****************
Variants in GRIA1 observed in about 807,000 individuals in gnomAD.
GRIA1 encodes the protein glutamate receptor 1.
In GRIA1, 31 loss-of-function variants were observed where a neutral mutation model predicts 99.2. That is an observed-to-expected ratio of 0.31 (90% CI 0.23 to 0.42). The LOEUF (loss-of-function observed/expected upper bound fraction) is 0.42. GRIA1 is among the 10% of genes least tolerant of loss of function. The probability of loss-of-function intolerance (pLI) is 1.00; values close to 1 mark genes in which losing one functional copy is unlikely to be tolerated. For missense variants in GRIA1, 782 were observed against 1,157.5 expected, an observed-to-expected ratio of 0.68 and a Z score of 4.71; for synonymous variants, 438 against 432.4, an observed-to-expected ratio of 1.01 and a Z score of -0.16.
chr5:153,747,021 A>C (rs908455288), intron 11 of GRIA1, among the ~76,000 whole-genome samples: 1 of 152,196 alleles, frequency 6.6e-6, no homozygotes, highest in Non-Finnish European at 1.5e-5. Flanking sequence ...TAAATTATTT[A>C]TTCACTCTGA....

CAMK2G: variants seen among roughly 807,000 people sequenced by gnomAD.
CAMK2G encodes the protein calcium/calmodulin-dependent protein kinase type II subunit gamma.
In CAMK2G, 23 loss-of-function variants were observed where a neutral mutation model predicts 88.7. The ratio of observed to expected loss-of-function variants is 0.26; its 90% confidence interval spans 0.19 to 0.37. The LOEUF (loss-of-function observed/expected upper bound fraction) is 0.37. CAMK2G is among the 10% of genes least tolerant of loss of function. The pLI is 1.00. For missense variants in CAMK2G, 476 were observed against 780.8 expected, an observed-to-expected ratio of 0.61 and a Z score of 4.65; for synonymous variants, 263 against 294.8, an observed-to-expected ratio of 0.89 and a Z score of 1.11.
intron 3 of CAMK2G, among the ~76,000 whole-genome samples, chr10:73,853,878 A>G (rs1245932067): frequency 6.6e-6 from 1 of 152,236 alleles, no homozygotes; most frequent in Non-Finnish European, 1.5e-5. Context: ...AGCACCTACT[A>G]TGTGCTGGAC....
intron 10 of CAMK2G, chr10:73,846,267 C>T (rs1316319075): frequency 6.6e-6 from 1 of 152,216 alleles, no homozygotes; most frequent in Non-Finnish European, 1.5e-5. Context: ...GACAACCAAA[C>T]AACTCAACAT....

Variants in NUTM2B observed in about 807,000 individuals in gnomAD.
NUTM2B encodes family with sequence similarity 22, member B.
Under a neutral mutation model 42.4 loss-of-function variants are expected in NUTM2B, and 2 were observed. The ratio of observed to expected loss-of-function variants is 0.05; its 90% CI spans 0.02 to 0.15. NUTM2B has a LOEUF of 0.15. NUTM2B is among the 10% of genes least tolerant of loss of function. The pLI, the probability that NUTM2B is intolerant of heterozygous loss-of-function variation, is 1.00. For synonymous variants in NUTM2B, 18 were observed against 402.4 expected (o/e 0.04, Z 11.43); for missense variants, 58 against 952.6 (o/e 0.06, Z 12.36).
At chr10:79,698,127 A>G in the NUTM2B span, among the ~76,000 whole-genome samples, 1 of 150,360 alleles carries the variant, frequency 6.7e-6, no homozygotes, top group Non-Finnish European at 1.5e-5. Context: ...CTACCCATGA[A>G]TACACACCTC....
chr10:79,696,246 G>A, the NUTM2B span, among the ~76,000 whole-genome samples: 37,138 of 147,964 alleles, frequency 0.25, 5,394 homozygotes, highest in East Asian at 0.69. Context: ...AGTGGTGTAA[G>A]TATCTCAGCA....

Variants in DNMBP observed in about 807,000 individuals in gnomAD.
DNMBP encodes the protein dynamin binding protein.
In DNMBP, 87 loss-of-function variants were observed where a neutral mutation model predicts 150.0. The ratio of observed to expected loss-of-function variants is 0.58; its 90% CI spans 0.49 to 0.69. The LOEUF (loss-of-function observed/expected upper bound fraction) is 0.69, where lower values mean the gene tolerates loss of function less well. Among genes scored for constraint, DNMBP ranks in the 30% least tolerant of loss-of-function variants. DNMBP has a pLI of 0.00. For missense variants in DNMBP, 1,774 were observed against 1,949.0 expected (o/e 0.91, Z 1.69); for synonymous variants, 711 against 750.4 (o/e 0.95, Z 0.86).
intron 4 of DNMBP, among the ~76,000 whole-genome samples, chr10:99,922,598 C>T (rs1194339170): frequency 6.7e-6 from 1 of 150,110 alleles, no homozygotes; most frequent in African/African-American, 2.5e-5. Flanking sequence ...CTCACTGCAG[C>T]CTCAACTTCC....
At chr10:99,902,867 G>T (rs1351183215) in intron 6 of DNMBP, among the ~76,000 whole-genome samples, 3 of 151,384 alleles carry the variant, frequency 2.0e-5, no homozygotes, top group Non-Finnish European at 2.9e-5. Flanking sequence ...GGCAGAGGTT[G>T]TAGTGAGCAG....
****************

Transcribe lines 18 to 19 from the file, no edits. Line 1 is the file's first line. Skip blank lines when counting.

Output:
intron 4 of DNMBP, among the ~76,000 whole-genome samples, chr10:99,922,598 C>T (rs1194339170): frequency 6.7e-6 from 1 of 150,110 alleles, no homozygotes; most frequent in African/African-American, 2.5e-5. Flanking sequence ...CTCACTGCAG[C>T]CTCAACTTCC....
At chr10:99,902,867 G>T (rs1351183215) in intron 6 of DNMBP, among the ~76,000 whole-genome samples, 3 of 151,384 alleles carry the variant, frequency 2.0e-5, no homozygotes, top group Non-Finnish European at 2.9e-5. Flanking sequence ...GGCAGAGGTT[G>T]TAGTGAGCAG....